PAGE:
October 26, 2010
As much as I may gripe about Manhattan and New York City, there is one distinct advantage to living here — the artistic community. There are few other places in the world where one can observe such an impressive collection of art of all kinds. Yes, the museums are a tremendous influence on the art scene here, and are one of the reasons such an active art community exists; however, my favorite kind of art on view here can be seen by just walking down the street. The public and outdoor art of New York City is such a treat to run across. It infiltrates the environment, it catches you off-guard, and it makes you stop – a small feat in itself in this city – and think.
The newest additions to this scene, and to the twilight landscape of the city, are courtesy of Jim Campell, a highly-awarded new-media artist from San Francisco. His first work, “Broken Window” sits near the South entrance of Madison Square Park. It is a low-resolution video wall, only about 7 feet high, faced with frosted glass bricks, displaying video of what appears to be one of the adjacent streets during the day, with pedestrians, cars, taxis, and trucks intermittently crossing the field of view. Although the scene is immediately familiar, the the juxtaposition of the daylit scene against the nighttime landscape immediately pulls the viewer in, and the slight blur makes it seem almost dream-like. I stood watching the scene for a good few minutes, just waiting to see what crossed into the frame next.
Continuing on deeper into the park, floating delicately above the Oval Lawn, “Scattered Light” is not nearly as bright or compact as “Broken Window,” but it has just as magnetic a pull. The nearly 2,000 LED bulbs suspended in space quietly twinkle against the darkness while the city roars on just beyond the treeline, creating a peaceful nighttime spectacle to enjoy on a cool fall night. Approaching from the North or South, or at any angle to the installation, the points of light appear to float in a random order in space, twinkling like the stars in the sky. Move around the sculpture to the East or West, however, and order suddenly emerges from the chaos — the twinkling patterns are formed by the shadows of people crossing through the sculpture as if it weren’t there at all! The random patterns of light and dark become defined by the random patterns of Manhattan foot traffic, reflecting the surrounding landscape and echoing the sentiments of “Broken Window” at the entrance to the park.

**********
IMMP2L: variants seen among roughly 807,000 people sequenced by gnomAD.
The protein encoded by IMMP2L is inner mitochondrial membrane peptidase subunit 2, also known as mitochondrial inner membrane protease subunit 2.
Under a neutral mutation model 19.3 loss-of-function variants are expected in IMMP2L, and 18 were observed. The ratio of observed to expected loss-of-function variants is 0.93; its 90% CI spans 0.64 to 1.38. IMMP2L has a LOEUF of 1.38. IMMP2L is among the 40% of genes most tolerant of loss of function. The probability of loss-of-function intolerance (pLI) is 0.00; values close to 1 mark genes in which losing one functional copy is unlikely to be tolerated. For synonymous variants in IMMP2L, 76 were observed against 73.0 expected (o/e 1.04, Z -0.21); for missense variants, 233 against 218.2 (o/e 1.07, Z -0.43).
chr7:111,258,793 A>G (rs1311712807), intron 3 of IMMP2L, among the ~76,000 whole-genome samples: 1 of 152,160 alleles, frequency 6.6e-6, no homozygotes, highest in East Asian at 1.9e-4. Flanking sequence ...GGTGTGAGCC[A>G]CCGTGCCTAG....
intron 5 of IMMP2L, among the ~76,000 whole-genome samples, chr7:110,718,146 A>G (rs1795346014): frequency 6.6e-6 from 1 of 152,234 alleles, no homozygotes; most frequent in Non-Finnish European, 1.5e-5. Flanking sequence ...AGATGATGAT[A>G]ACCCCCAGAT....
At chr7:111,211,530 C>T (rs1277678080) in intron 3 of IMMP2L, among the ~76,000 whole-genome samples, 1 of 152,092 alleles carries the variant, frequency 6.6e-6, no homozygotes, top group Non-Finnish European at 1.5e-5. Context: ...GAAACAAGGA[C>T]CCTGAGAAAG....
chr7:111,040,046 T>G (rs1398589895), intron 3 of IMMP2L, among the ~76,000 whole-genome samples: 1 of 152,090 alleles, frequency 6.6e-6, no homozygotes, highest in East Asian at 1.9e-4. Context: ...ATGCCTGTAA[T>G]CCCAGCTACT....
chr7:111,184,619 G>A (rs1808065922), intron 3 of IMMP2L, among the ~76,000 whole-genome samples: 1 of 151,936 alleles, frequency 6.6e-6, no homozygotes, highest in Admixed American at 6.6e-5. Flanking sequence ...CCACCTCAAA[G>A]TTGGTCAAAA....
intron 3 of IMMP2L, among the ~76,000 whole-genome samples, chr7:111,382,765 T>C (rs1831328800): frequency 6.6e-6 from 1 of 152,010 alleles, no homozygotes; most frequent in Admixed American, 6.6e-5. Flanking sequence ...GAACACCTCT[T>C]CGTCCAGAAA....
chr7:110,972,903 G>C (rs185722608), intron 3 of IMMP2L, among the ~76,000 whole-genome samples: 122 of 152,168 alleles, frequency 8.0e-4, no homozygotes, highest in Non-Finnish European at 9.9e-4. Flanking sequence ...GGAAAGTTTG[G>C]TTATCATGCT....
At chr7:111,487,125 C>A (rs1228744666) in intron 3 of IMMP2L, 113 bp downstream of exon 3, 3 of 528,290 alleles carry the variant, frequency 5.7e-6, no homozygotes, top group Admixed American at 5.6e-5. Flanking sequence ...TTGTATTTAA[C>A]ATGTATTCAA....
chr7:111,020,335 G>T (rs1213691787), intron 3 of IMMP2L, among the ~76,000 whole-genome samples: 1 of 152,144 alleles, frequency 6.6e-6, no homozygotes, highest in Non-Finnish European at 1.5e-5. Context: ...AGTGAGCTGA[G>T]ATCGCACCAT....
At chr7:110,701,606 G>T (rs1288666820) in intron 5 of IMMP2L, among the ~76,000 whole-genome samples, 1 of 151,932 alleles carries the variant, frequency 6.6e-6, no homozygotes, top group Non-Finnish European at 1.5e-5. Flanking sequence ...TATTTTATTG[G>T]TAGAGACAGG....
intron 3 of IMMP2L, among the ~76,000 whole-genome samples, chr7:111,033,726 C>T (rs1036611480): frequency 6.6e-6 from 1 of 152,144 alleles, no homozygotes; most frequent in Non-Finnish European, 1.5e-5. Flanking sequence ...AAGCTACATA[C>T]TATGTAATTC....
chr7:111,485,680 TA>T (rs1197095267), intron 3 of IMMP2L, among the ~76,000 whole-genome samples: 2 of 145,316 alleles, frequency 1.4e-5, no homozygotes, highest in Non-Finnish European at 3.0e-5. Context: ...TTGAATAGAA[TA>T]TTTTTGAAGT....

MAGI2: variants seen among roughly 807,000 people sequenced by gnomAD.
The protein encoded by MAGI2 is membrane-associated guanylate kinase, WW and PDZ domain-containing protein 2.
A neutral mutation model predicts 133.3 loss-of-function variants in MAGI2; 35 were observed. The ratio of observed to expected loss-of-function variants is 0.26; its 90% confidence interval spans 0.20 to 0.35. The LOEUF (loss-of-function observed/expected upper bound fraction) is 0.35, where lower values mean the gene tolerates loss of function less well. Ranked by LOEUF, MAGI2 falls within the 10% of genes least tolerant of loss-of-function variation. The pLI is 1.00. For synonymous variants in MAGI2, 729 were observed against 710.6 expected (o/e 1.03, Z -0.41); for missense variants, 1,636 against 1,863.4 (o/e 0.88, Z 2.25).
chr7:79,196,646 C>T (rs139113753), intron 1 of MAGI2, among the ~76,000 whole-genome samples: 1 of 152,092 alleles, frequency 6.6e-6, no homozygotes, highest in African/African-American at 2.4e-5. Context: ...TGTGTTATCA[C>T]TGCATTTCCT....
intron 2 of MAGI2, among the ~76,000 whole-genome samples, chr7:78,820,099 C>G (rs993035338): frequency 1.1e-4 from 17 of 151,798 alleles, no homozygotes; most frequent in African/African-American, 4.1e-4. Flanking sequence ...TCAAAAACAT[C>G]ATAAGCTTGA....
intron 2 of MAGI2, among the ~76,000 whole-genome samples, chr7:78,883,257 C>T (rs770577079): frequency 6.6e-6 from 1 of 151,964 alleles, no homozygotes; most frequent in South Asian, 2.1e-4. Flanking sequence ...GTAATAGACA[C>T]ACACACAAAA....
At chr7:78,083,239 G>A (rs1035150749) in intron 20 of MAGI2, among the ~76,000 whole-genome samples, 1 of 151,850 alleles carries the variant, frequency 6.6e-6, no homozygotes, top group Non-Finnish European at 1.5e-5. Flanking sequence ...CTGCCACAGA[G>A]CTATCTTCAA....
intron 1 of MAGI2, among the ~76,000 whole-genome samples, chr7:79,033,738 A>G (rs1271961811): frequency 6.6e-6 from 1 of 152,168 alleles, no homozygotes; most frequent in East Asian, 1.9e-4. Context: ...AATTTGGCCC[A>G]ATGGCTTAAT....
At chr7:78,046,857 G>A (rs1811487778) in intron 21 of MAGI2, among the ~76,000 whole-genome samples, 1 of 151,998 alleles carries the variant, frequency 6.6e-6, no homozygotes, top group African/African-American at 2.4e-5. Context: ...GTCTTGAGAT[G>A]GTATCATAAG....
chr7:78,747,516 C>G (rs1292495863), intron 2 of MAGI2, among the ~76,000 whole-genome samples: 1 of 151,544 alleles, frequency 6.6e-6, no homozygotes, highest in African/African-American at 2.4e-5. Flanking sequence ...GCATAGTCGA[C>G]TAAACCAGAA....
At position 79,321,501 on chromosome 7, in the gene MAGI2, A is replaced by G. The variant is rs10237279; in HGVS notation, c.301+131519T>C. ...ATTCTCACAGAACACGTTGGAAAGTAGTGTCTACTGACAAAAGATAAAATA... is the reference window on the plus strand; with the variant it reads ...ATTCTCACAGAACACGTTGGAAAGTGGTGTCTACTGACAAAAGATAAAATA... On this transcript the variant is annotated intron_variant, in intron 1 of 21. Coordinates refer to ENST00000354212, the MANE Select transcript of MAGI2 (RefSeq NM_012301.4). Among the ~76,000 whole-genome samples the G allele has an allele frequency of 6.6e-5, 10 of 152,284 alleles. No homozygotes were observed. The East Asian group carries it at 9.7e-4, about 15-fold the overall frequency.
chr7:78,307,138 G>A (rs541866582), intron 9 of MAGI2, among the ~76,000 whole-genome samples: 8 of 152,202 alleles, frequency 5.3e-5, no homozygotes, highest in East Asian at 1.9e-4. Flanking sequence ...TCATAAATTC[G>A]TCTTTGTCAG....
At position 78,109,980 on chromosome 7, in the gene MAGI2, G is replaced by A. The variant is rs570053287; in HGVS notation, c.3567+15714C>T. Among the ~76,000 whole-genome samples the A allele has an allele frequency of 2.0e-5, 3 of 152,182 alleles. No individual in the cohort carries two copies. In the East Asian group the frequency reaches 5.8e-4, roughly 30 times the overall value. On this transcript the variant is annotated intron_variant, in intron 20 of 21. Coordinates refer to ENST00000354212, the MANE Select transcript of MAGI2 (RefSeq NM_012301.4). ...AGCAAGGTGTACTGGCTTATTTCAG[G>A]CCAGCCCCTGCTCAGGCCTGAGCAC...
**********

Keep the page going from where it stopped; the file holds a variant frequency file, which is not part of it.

These are complex effects to describe or try to capture in a photograph, so I have included a short video of both installations for those who can’t see them in person. If you live in New York City, though, I highly encourage you to visit, even if Madison Square Park is a bit out of your way. It energizes and inspires me to see a lighting installation in such a prominent public setting — I hope the trend continues! Enjoy!